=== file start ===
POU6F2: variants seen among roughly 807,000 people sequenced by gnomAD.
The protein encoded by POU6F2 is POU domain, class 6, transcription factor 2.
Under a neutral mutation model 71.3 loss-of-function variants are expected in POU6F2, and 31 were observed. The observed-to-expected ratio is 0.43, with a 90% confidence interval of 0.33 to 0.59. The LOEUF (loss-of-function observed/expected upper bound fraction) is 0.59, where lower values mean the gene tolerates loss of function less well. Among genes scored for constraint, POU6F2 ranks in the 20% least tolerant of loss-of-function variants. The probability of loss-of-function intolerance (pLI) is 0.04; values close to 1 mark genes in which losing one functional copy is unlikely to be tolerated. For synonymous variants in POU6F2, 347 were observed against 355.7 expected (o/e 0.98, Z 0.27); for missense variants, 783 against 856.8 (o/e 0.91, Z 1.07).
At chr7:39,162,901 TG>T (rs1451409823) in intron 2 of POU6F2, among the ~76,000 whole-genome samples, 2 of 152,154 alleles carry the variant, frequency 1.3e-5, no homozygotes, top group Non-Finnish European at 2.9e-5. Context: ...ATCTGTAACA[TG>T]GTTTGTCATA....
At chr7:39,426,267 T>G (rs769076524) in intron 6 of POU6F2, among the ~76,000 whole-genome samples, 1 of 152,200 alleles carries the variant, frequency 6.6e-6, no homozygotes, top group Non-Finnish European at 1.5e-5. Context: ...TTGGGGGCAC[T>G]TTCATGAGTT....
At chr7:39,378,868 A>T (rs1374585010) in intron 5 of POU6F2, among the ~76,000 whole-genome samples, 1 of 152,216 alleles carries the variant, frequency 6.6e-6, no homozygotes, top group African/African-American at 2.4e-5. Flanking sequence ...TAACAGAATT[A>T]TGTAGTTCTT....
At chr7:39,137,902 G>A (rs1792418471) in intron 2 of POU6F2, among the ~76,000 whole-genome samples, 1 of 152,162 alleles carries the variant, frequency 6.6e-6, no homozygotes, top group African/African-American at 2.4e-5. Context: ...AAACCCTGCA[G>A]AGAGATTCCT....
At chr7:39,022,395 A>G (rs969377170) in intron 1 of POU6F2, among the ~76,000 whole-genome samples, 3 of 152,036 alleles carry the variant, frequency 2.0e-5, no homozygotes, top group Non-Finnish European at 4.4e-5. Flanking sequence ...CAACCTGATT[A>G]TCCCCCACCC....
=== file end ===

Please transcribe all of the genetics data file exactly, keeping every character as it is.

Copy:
POU6F2: variants seen among roughly 807,000 people sequenced by gnomAD.
The protein encoded by POU6F2 is POU domain, class 6, transcription factor 2.
Under a neutral mutation model 71.3 loss-of-function variants are expected in POU6F2, and 31 were observed. The observed-to-expected ratio is 0.43, with a 90% confidence interval of 0.33 to 0.59. The LOEUF (loss-of-function observed/expected upper bound fraction) is 0.59, where lower values mean the gene tolerates loss of function less well. Among genes scored for constraint, POU6F2 ranks in the 20% least tolerant of loss-of-function variants. The probability of loss-of-function intolerance (pLI) is 0.04; values close to 1 mark genes in which losing one functional copy is unlikely to be tolerated. For synonymous variants in POU6F2, 347 were observed against 355.7 expected (o/e 0.98, Z 0.27); for missense variants, 783 against 856.8 (o/e 0.91, Z 1.07).
At chr7:39,162,901 TG>T (rs1451409823) in intron 2 of POU6F2, among the ~76,000 whole-genome samples, 2 of 152,154 alleles carry the variant, frequency 1.3e-5, no homozygotes, top group Non-Finnish European at 2.9e-5. Context: ...ATCTGTAACA[TG>T]GTTTGTCATA....
At chr7:39,426,267 T>G (rs769076524) in intron 6 of POU6F2, among the ~76,000 whole-genome samples, 1 of 152,200 alleles carries the variant, frequency 6.6e-6, no homozygotes, top group Non-Finnish European at 1.5e-5. Context: ...TTGGGGGCAC[T>G]TTCATGAGTT....
At chr7:39,378,868 A>T (rs1374585010) in intron 5 of POU6F2, among the ~76,000 whole-genome samples, 1 of 152,216 alleles carries the variant, frequency 6.6e-6, no homozygotes, top group African/African-American at 2.4e-5. Flanking sequence ...TAACAGAATT[A>T]TGTAGTTCTT....
At chr7:39,137,902 G>A (rs1792418471) in intron 2 of POU6F2, among the ~76,000 whole-genome samples, 1 of 152,162 alleles carries the variant, frequency 6.6e-6, no homozygotes, top group African/African-American at 2.4e-5. Context: ...AAACCCTGCA[G>A]AGAGATTCCT....
At chr7:39,022,395 A>G (rs969377170) in intron 1 of POU6F2, among the ~76,000 whole-genome samples, 3 of 152,036 alleles carry the variant, frequency 2.0e-5, no homozygotes, top group Non-Finnish European at 4.4e-5. Flanking sequence ...CAACCTGATT[A>G]TCCCCCACCC....